As the World Turns

By Jason SobelJuly 21, 2011, 12:03 am

I believe Tiger Woods when he continually maintains that he doesn’t know when he will return to competitive golf. I trust him when he contends that he wants to ensure his injuries are 100 percent healed before he next tees it up.

I don’t, however, think for a second that Woods fired longtime caddie Steve Williams recently without already having a plan in place for the future.

While the entire world has been left to guess as to the identity of Tiger’s new looper once he comes back, there’s little doubt that the world’s 20th-ranked player could be sitting at home and twiddling his thumbs, waiting for the offers to start rolling in.

Sorry, caddie-wannabes. There will be no posting for this job. There will be no open auditions on the range at Isleworth. There will be no reality television series during which Woods hands out roses to potential candidates, like those guys on “The Bachelor.”

Woods doesn’t make knee-jerk decisions in his professional life and there’s no doubt this one had a strategic thought process behind it.

Despite serving as his right-hand man for more than a dozen years and a baker’s dozen worth of major championship titles, Williams apparently angered his employer by not only temporarily caddying for Adam Scott beginning at the U.S. Open, but remaining on his bag for the ensuing AT&T National, as well.

The faux pas – even with permission from the boss – was likely viewed as Williams overstepping his boundary, but it’s difficult to believe that Woods would come to this decision without first hatching a contingency plan. He isn’t the type of guy to pay a day rate to a willing high school kid in the parking lot each time he pulls into a PGA Tour event.

And so now, the names are dropping, one by one, fueled by rumors and speculation.

One oddsmaking website shows Billy Foster as the early favorite. This was a much-rumored move a half-decade ago when Foster was on the bag for a struggling Darren Clarke, but it’s hard to believe he would leave world No. 2 Lee Westwood for a guy who isn’t even playing right now.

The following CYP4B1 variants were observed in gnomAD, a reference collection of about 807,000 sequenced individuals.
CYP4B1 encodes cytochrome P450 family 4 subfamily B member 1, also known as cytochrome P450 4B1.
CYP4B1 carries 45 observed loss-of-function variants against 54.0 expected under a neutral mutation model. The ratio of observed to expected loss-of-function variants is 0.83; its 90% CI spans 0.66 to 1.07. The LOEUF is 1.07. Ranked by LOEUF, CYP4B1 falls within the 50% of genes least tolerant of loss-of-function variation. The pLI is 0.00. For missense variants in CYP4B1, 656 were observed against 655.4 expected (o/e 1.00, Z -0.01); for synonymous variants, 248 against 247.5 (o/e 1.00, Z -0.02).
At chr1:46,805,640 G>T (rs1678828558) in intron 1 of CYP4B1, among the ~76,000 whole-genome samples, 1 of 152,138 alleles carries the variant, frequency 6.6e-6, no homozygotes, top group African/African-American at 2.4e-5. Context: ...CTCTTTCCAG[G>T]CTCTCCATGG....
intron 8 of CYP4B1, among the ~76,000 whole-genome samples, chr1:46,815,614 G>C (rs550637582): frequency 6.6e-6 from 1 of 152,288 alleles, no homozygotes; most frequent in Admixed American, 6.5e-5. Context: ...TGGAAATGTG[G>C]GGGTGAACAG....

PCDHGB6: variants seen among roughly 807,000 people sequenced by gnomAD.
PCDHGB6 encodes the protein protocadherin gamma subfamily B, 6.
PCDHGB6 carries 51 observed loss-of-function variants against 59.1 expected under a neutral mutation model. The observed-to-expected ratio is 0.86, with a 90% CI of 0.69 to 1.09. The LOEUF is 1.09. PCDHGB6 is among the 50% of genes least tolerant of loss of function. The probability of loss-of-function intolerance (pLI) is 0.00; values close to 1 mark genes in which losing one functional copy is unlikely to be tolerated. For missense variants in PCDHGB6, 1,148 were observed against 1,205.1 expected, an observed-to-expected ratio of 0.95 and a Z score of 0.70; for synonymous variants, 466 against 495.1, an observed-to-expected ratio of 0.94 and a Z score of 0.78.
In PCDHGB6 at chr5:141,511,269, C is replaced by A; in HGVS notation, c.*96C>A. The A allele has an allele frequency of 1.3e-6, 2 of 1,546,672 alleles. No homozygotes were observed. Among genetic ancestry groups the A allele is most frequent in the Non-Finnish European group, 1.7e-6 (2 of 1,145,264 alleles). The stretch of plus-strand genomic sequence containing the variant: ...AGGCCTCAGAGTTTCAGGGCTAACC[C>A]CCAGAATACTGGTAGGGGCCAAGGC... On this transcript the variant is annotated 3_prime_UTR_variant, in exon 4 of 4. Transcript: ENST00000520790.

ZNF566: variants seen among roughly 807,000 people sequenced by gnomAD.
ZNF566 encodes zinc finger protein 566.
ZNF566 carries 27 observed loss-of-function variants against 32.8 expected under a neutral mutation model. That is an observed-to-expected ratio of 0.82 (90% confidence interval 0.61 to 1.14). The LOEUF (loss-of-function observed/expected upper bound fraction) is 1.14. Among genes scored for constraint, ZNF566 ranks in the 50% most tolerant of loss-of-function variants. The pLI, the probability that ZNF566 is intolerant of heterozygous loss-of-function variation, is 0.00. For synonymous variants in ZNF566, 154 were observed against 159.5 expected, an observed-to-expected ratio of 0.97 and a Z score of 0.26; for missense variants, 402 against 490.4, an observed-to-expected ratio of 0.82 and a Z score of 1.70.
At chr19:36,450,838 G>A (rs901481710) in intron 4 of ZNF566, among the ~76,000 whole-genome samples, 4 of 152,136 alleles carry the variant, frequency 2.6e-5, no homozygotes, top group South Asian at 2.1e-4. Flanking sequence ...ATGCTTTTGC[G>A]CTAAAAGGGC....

Next on that list is Tiger’s original bagman, Mike “Fluff” Cowan, but he’s in the same boat, already caddying for Jim Furyk. Besides, a switch back to Fluff would be an admission of a poor decision on Woods’ part, something which doesn’t happen very often, if at all.

Joe LaCava would have been an intriguing name a few months ago, but since getting Fred Couples’ blessing to leave for Dustin Johnson’s bag, he’s likely out of the mix. It just doesn’t make sense for a caddie to leave a 27-year-old in his prime who’s coming off a T-2 finish at the Open Championship.

Perhaps, though, much like the Couples-to-Johnson job switch, there’s an older friend of Woods – Mark O’Meara, John Cook or Mark Calcavecchia each come to mind – who would let their buddy “borrow” their man in an act of chivalry.

Two other potential candidates are Ricci Roberts and Tony Navarro, longtime loopers who currently don’t have jobs, having been canned by Ernie Els and Adam Scott, respectively, in recent months. Either of those guys would seem to make sense, but Woods’ decisions aren’t always perfectly sensible.

Another intriguing name is Brett Waldman. The former caddie for Camilo Villegas is currently playing the Nationwide Tour, where he's earned just $1,678 so far this season. When I contacted Waldman and asked if he's been called by Woods, though, he said simply, 'No.'

There’s a rumor that the head of Tiger’s design team, childhood friend Bryon Bell, could replace Williams on the bag, but it’s tough to think he wouldn’t want a professional on the job for what amounts to as much enforcer, traffic cop and Sherpa as caddie.

I’ve always believed that more players should take the route of Jason Day, whose caddie, Colin Swatton, is also his swing instructor. I approached Woods’ coach Sean Foley with such an idea, but he denied any interest, instead maintaining, “The bag is too heavy.”

Instead, we’re left guessing as to whom may be lugging the sticks next time Woods tees it up at a competitive event. That doesn’t mean everyone is guessing, though.

Somewhere, someone is sitting back, watching and reading all of the speculation about the next sidekick for the game’s most prolific player and secretly knows the job is all his.

We’ll soon find out, too – whenever Woods feels like telling us.

Rose (62) sets blistering pace in Indonesia

By Associated PressDecember 14, 2017, 3:06 pm

JAKARTA, Indonesia – Justin Rose shot a 10-under 62 Thursday to take a two-stroke lead after the first round of the Indonesian Masters.

Rose, starting on the back nine at Royale Jakarta Golf Club, had five birdies to go out in 31, then birdied four of five holes midway through his final nine and another birdie on his last hole in the $750,000 tournament.

Full-field scores from the Indonesian Masters

Gunn Charoenkul (64) was in second place and Kim Giwhan and Phachara Khongwatmai (both 65) were tied for third.

Brandt Snedeker shot 72. Ranked 51st in the world, the American is aiming for a strong finish in Jakarta to move inside the top 50 by the end of the year and ensure a spot in next year's Masters.

Getty Images

LaCava: Woods wouldn't talk after H.O.R.S.E. match

By Will GrayDecember 14, 2017, 2:27 pm

The competitive streak within Tiger Woods knows no bounds - even on the basketball court, according to caddie Joe LaCava.